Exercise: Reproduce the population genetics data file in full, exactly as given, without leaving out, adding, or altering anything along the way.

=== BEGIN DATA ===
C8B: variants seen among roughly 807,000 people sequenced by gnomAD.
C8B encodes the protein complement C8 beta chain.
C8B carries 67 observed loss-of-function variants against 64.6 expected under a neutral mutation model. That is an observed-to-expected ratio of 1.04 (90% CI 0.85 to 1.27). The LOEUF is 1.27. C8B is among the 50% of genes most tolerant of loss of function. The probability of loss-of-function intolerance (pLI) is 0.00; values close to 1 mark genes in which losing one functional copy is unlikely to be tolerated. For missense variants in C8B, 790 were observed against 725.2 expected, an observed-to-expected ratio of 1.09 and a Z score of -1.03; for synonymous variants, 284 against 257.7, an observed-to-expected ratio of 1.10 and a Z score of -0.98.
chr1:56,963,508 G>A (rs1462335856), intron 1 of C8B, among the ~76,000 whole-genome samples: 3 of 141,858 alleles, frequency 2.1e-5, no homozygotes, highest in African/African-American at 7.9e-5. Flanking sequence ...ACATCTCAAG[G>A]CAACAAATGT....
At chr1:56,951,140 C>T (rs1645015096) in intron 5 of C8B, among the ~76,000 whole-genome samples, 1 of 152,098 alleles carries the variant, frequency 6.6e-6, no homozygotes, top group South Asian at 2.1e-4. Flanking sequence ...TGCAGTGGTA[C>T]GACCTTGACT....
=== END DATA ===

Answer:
C8B: variants seen among roughly 807,000 people sequenced by gnomAD.
C8B encodes the protein complement C8 beta chain.
C8B carries 67 observed loss-of-function variants against 64.6 expected under a neutral mutation model. That is an observed-to-expected ratio of 1.04 (90% CI 0.85 to 1.27). The LOEUF is 1.27. C8B is among the 50% of genes most tolerant of loss of function. The probability of loss-of-function intolerance (pLI) is 0.00; values close to 1 mark genes in which losing one functional copy is unlikely to be tolerated. For missense variants in C8B, 790 were observed against 725.2 expected, an observed-to-expected ratio of 1.09 and a Z score of -1.03; for synonymous variants, 284 against 257.7, an observed-to-expected ratio of 1.10 and a Z score of -0.98.
chr1:56,963,508 G>A (rs1462335856), intron 1 of C8B, among the ~76,000 whole-genome samples: 3 of 141,858 alleles, frequency 2.1e-5, no homozygotes, highest in African/African-American at 7.9e-5. Flanking sequence ...ACATCTCAAG[G>A]CAACAAATGT....
At chr1:56,951,140 C>T (rs1645015096) in intron 5 of C8B, among the ~76,000 whole-genome samples, 1 of 152,098 alleles carries the variant, frequency 6.6e-6, no homozygotes, top group South Asian at 2.1e-4. Flanking sequence ...TGCAGTGGTA[C>T]GACCTTGACT....